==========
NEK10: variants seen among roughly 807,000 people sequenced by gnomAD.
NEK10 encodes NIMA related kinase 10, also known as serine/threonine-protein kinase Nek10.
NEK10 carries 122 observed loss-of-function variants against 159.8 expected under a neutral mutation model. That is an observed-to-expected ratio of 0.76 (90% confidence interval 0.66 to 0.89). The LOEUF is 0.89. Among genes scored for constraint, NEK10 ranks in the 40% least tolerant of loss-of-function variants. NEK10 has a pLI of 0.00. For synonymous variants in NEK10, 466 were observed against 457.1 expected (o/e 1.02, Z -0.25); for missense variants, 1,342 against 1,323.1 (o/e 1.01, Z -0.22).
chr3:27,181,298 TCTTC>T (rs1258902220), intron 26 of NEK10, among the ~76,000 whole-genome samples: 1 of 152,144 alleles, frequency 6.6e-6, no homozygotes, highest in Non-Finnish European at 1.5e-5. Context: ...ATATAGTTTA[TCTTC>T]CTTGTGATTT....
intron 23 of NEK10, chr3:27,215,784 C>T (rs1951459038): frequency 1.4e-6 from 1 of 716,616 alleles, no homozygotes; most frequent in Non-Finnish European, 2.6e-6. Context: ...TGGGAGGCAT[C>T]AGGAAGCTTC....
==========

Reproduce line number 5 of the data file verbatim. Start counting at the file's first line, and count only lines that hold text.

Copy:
intron 23 of NEK10, chr3:27,215,784 C>T (rs1951459038): frequency 1.4e-6 from 1 of 716,616 alleles, no homozygotes; most frequent in Non-Finnish European, 2.6e-6. Context: ...TGGGAGGCAT[C>T]AGGAAGCTTC....